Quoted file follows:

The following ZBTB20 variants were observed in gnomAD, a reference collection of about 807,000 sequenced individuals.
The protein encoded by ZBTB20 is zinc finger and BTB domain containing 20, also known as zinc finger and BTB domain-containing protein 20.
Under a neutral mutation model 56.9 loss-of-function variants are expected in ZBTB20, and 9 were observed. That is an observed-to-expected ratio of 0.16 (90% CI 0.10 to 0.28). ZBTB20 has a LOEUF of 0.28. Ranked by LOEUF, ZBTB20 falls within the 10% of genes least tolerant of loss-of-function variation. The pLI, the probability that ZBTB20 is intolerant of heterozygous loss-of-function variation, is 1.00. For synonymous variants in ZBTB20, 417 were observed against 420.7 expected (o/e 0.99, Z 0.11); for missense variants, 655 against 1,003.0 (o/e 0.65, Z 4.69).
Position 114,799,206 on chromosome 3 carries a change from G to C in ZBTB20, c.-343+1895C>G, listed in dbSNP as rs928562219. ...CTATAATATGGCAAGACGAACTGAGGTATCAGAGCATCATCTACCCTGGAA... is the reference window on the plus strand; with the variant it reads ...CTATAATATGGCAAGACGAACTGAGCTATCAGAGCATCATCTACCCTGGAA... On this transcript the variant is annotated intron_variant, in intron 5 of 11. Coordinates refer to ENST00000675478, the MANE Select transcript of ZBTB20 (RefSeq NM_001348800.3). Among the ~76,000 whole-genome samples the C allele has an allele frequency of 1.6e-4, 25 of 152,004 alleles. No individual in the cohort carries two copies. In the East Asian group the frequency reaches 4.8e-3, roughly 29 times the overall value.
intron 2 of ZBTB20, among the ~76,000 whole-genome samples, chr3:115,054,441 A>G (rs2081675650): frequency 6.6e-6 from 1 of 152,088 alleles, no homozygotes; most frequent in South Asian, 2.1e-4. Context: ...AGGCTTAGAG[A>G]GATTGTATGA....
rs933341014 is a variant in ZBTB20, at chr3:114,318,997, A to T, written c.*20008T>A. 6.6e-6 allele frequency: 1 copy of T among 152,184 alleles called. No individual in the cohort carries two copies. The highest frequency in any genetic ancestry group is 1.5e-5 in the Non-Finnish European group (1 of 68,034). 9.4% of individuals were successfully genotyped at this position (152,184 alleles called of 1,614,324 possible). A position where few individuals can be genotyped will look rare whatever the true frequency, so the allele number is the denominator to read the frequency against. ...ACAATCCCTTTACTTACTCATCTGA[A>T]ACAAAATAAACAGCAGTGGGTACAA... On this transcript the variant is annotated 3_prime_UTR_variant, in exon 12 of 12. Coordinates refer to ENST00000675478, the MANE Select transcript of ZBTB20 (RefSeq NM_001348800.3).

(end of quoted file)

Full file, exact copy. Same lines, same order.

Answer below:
The following ZBTB20 variants were observed in gnomAD, a reference collection of about 807,000 sequenced individuals.
The protein encoded by ZBTB20 is zinc finger and BTB domain containing 20, also known as zinc finger and BTB domain-containing protein 20.
Under a neutral mutation model 56.9 loss-of-function variants are expected in ZBTB20, and 9 were observed. That is an observed-to-expected ratio of 0.16 (90% CI 0.10 to 0.28). ZBTB20 has a LOEUF of 0.28. Ranked by LOEUF, ZBTB20 falls within the 10% of genes least tolerant of loss-of-function variation. The pLI, the probability that ZBTB20 is intolerant of heterozygous loss-of-function variation, is 1.00. For synonymous variants in ZBTB20, 417 were observed against 420.7 expected (o/e 0.99, Z 0.11); for missense variants, 655 against 1,003.0 (o/e 0.65, Z 4.69).
Position 114,799,206 on chromosome 3 carries a change from G to C in ZBTB20, c.-343+1895C>G, listed in dbSNP as rs928562219. ...CTATAATATGGCAAGACGAACTGAGGTATCAGAGCATCATCTACCCTGGAA... is the reference window on the plus strand; with the variant it reads ...CTATAATATGGCAAGACGAACTGAGCTATCAGAGCATCATCTACCCTGGAA... On this transcript the variant is annotated intron_variant, in intron 5 of 11. Coordinates refer to ENST00000675478, the MANE Select transcript of ZBTB20 (RefSeq NM_001348800.3). Among the ~76,000 whole-genome samples the C allele has an allele frequency of 1.6e-4, 25 of 152,004 alleles. No individual in the cohort carries two copies. In the East Asian group the frequency reaches 4.8e-3, roughly 29 times the overall value.
intron 2 of ZBTB20, among the ~76,000 whole-genome samples, chr3:115,054,441 A>G (rs2081675650): frequency 6.6e-6 from 1 of 152,088 alleles, no homozygotes; most frequent in South Asian, 2.1e-4. Context: ...AGGCTTAGAG[A>G]GATTGTATGA....
rs933341014 is a variant in ZBTB20, at chr3:114,318,997, A to T, written c.*20008T>A. 6.6e-6 allele frequency: 1 copy of T among 152,184 alleles called. No individual in the cohort carries two copies. The highest frequency in any genetic ancestry group is 1.5e-5 in the Non-Finnish European group (1 of 68,034). 9.4% of individuals were successfully genotyped at this position (152,184 alleles called of 1,614,324 possible). A position where few individuals can be genotyped will look rare whatever the true frequency, so the allele number is the denominator to read the frequency against. ...ACAATCCCTTTACTTACTCATCTGA[A>T]ACAAAATAAACAGCAGTGGGTACAA... On this transcript the variant is annotated 3_prime_UTR_variant, in exon 12 of 12. Coordinates refer to ENST00000675478, the MANE Select transcript of ZBTB20 (RefSeq NM_001348800.3).